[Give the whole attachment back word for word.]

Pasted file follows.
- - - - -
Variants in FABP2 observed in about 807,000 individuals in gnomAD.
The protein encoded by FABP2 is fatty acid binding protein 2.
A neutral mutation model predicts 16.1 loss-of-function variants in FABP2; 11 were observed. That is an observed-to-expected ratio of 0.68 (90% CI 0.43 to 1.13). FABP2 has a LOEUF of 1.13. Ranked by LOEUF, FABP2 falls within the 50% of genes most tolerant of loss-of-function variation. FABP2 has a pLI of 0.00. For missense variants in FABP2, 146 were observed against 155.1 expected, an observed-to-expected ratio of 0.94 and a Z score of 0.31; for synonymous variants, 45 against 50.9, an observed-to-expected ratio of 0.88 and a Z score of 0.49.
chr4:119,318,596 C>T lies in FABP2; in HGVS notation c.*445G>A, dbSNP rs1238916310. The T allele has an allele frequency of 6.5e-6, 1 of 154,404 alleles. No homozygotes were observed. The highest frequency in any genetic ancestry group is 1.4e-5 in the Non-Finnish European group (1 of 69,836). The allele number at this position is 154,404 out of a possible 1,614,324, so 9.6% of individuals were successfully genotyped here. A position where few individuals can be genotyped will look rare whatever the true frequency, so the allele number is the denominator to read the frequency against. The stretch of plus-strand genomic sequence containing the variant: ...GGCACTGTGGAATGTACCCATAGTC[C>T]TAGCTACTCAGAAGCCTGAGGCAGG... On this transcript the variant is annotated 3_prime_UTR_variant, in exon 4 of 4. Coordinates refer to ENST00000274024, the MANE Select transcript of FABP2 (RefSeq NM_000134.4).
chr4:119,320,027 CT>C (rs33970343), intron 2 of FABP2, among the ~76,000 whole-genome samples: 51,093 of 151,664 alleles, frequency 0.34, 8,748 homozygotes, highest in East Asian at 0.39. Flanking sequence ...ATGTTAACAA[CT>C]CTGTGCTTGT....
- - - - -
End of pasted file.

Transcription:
Variants in FABP2 observed in about 807,000 individuals in gnomAD.
The protein encoded by FABP2 is fatty acid binding protein 2.
A neutral mutation model predicts 16.1 loss-of-function variants in FABP2; 11 were observed. That is an observed-to-expected ratio of 0.68 (90% CI 0.43 to 1.13). FABP2 has a LOEUF of 1.13. Ranked by LOEUF, FABP2 falls within the 50% of genes most tolerant of loss-of-function variation. FABP2 has a pLI of 0.00. For missense variants in FABP2, 146 were observed against 155.1 expected, an observed-to-expected ratio of 0.94 and a Z score of 0.31; for synonymous variants, 45 against 50.9, an observed-to-expected ratio of 0.88 and a Z score of 0.49.
chr4:119,318,596 C>T lies in FABP2; in HGVS notation c.*445G>A, dbSNP rs1238916310. The T allele has an allele frequency of 6.5e-6, 1 of 154,404 alleles. No homozygotes were observed. The highest frequency in any genetic ancestry group is 1.4e-5 in the Non-Finnish European group (1 of 69,836). The allele number at this position is 154,404 out of a possible 1,614,324, so 9.6% of individuals were successfully genotyped here. A position where few individuals can be genotyped will look rare whatever the true frequency, so the allele number is the denominator to read the frequency against. The stretch of plus-strand genomic sequence containing the variant: ...GGCACTGTGGAATGTACCCATAGTC[C>T]TAGCTACTCAGAAGCCTGAGGCAGG... On this transcript the variant is annotated 3_prime_UTR_variant, in exon 4 of 4. Coordinates refer to ENST00000274024, the MANE Select transcript of FABP2 (RefSeq NM_000134.4).
chr4:119,320,027 CT>C (rs33970343), intron 2 of FABP2, among the ~76,000 whole-genome samples: 51,093 of 151,664 alleles, frequency 0.34, 8,748 homozygotes, highest in East Asian at 0.39. Flanking sequence ...ATGTTAACAA[CT>C]CTGTGCTTGT....